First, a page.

The problem with this, though, rereading it clear-headed and analytical like, is that Biss’ argument is basically doing what “some men” do in regards to feminism – i.e. trying to make it all about men. I wrote a piece attempting to satirise this attitude for the Huffington Post last year called ‘Why Feminism Is Good For Us Blokes’, and accidentally slipping into this is something I worry about, being both the possessor of male genitalia and the knowledge (note not “belief”) that those fleshy lumps don’t make me “superior” to people without. It is perhaps possible to argue that racism is “bad” for white people, but even if racism prevents us from living in a perfect world, the existence and continuation of racism doesn’t create problems as bad for white people as it creates for non-white people. White guilt – which, let’s be honest, plenty of white people have never even considered feeling – is not as bad as the negative effects of long-term institutionalised racism. Think about education and – the big example – prisons in America.
I dunno, though, I feel like I’m being v critical even tho I enjoyed this book. SJW snowflake innit
– I read all in one day while travelling N&S then W, leaving my dog behind for the first time in months as I go & do some lucrative work. Not looking forward to sleeping w/o him in a tent, but thankfully Biss’ book [is] v good & provocative company.
-Essays on race from a white person. It feels taboo, even tho shouldn’t, should it? Biss writes about her mother – a white practitioner of Yoruba, African religion. She writes about her education, her teaching & her encounters w/ mixed race family members.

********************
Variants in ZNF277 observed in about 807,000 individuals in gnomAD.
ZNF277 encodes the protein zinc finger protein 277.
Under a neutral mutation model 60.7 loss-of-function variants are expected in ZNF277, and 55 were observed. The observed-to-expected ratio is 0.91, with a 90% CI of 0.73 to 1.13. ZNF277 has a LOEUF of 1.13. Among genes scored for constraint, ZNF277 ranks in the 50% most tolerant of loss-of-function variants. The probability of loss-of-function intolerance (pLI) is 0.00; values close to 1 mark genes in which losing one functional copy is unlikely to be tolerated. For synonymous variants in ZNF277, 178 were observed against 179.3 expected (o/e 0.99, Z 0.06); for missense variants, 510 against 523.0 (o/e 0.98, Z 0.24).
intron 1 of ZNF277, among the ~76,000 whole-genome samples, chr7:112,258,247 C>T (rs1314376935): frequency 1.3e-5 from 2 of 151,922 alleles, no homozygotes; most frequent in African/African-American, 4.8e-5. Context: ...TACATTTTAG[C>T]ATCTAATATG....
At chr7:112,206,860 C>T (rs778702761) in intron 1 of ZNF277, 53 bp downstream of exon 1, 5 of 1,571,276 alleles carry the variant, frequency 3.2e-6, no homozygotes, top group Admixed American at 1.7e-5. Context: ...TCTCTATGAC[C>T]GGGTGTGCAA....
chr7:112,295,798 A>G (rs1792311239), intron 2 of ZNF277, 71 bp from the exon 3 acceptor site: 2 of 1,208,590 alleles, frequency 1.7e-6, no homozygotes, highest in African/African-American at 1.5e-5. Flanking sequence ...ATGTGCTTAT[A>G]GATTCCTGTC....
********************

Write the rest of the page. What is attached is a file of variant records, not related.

Personal & wide-reaching
Nothing to add to my notes yet.
-Essay on telephone poles, charged opening, hard-hitting, aggressive
Yeah, the book opens with a piece about lynching, and how telephone poles went from a symbol of technological progress to a symbol of mob hanging. It’s bleak, intense, very involving.
-Closing essay on apologies, important too
It’s an essay on political and apolitical apologies, basically about how people refuse to apologise for things unless they have to, and how vast amounts of apologies are spoken with no meaning whatsoever behind them.
-Essay on Irish ingratiating themselves into white America; contrast w/ discussion in Notes about “n******isation of America” after 9/11;
This ties back to the point earlier about everyone being traumatised by racism, by all Americans becoming victims to an external threat. This is a right-wing ideology, that all Americans lost status due to the massive act of terrorism, and this reduced their national and international status, turning all into victims, all into fearful people no longer believing themselves superior. It’s interesting.
-Maturity of text, relevance of text; important to speak about these issues, race as problem not just for black people, implications for a problematic society if things not fixed,
But do we risk just sounding like male feminists, hijacking a movement if we white people speak predominantly about race? Check ethnicity of Fitzcarraldo writers. Maybe I should read writing about race by black people. To only do that is reductive, right? But is my position of privilege speaking there? Mention assume positive intent chat
OK, right, yeah, that’s a thing I’ve encountered people saying recently a few times about people telling people off for speaking racistly, presume their language is not rooted in hate, merely in ignorance. As much as this would benefit me were I ever to accidentally use the wrong word about a minority group, I’m certain that presuming positive intent only ever benefits majority, privileged, positions. Maybe I’m wrong, I don’t know.
I don’t feel comfortable saying too much about this book. I enjoyed it, I thought it was engaging and informative and thought-provoking, but there are topics I don’t feel comfortable sticking my cis-white-man opinions into, and this book writes about a lot of them.
Worth a read, innit. Even if some of its central arguments make me feel uncomfortable.